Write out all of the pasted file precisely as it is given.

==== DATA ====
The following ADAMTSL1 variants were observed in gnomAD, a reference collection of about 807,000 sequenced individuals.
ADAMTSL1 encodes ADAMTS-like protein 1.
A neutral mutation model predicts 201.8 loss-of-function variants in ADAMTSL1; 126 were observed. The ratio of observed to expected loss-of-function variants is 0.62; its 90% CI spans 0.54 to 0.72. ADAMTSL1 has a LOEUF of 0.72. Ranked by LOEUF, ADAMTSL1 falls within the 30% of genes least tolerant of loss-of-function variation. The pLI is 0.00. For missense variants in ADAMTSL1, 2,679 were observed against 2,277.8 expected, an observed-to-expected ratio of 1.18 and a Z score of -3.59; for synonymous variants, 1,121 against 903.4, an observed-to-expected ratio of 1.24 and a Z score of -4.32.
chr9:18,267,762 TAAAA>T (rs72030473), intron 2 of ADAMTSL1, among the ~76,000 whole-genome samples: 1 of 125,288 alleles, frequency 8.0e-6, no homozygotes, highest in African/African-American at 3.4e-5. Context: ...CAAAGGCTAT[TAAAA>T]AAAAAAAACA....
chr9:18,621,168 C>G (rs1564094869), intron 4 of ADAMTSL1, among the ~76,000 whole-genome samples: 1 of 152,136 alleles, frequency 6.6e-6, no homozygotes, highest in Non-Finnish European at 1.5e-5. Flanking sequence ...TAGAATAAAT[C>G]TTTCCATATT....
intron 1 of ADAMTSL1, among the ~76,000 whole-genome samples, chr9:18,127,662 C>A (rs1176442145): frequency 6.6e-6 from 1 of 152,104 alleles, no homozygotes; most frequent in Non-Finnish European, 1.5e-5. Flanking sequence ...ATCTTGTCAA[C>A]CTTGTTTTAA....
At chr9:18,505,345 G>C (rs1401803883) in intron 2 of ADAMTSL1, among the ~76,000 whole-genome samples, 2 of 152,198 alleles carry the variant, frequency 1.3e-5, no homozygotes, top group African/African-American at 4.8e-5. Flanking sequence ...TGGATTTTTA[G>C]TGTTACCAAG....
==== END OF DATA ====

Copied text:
The following ADAMTSL1 variants were observed in gnomAD, a reference collection of about 807,000 sequenced individuals.
ADAMTSL1 encodes ADAMTS-like protein 1.
A neutral mutation model predicts 201.8 loss-of-function variants in ADAMTSL1; 126 were observed. The ratio of observed to expected loss-of-function variants is 0.62; its 90% CI spans 0.54 to 0.72. ADAMTSL1 has a LOEUF of 0.72. Ranked by LOEUF, ADAMTSL1 falls within the 30% of genes least tolerant of loss-of-function variation. The pLI is 0.00. For missense variants in ADAMTSL1, 2,679 were observed against 2,277.8 expected, an observed-to-expected ratio of 1.18 and a Z score of -3.59; for synonymous variants, 1,121 against 903.4, an observed-to-expected ratio of 1.24 and a Z score of -4.32.
chr9:18,267,762 TAAAA>T (rs72030473), intron 2 of ADAMTSL1, among the ~76,000 whole-genome samples: 1 of 125,288 alleles, frequency 8.0e-6, no homozygotes, highest in African/African-American at 3.4e-5. Context: ...CAAAGGCTAT[TAAAA>T]AAAAAAAACA....
chr9:18,621,168 C>G (rs1564094869), intron 4 of ADAMTSL1, among the ~76,000 whole-genome samples: 1 of 152,136 alleles, frequency 6.6e-6, no homozygotes, highest in Non-Finnish European at 1.5e-5. Flanking sequence ...TAGAATAAAT[C>G]TTTCCATATT....
intron 1 of ADAMTSL1, among the ~76,000 whole-genome samples, chr9:18,127,662 C>A (rs1176442145): frequency 6.6e-6 from 1 of 152,104 alleles, no homozygotes; most frequent in Non-Finnish European, 1.5e-5. Flanking sequence ...ATCTTGTCAA[C>A]CTTGTTTTAA....
At chr9:18,505,345 G>C (rs1401803883) in intron 2 of ADAMTSL1, among the ~76,000 whole-genome samples, 2 of 152,198 alleles carry the variant, frequency 1.3e-5, no homozygotes, top group African/African-American at 4.8e-5. Flanking sequence ...TGGATTTTTA[G>C]TGTTACCAAG....